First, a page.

3. When the accountable persons carried the dispute in respect of the inclusion of said sum of Rs. 55,737beforetheController (Appeals), he after recording the submissions made on behalf of the accountable persons, confirmed the action of the Assistant Controller.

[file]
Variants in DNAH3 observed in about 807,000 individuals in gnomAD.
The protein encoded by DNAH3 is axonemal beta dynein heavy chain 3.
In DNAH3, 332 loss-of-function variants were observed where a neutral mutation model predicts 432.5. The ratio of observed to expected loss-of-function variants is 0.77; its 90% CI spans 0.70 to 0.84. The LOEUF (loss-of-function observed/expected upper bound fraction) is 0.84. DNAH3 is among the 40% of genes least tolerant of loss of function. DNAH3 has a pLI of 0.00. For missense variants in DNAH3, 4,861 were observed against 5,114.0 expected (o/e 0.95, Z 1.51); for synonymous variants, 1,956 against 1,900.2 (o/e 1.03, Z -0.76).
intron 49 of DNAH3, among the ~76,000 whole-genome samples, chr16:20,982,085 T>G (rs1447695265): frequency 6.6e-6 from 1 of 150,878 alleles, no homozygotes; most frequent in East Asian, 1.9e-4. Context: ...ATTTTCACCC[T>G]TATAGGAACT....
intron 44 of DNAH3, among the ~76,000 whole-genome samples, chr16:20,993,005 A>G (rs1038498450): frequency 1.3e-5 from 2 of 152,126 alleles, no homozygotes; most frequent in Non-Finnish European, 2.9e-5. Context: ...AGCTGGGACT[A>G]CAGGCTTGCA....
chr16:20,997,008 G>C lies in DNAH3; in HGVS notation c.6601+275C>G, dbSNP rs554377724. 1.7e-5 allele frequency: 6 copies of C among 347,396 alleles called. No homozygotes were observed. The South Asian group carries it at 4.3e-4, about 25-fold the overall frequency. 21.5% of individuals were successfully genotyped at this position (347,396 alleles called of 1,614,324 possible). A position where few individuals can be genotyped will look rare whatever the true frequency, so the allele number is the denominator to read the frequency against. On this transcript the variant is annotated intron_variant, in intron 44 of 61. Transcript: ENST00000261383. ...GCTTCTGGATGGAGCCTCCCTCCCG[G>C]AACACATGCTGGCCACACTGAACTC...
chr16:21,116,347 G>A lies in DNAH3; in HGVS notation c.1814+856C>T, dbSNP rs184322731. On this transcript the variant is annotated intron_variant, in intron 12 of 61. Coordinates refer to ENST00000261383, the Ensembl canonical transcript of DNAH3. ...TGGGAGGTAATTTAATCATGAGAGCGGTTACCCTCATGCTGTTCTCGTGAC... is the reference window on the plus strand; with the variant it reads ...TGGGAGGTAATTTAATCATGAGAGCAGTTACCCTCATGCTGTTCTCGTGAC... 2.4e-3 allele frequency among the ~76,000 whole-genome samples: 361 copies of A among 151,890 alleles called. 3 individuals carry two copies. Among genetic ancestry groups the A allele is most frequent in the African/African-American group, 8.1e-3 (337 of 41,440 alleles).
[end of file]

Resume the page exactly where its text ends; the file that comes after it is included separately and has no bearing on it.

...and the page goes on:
4. It is this action of the Controller (Appeals) which is disputed by the accountable persons before us. The learned counsel for the accountable persons, Mr. S.K. Goel, submitted that it is under Sections 5 and 6of the Estate Duty Act, 1953 ('the Act'), that dutiable estate is to be computed .He submitted that it is only the property within disposing capacity of the deceased which can be deemed to pass on the death or the property which actually passes on the death of a person which can be subjected to estate duty. He vehemently argued that since neither the investment allowance reserve as such was the property which passed on the death of the deceased nor it was one within the disposing capacity of the deceased, the same could not be subjected to estate duty .He submitted that as per provisions of Section 32A of the 1961Act, the investment allowance reserve could not be distributed amongst the partners and had to be utilised for acquiring new machinery for the purpose of business of the undertaking within ten years from the end of the previous year in which the machinery or plant (on which investment allowance reserve was allowed)was in stalled. He reiterated the same submissions in this as recorded by the Controller in para 2 of his order. At last, he submitted that, if at all there could be any market value of the share of deceased in the investment allowance reserve, it cannot be ignored that it was nothing up to ten years and on that ground at least it may be valued on the basis of 12 percent for ten years.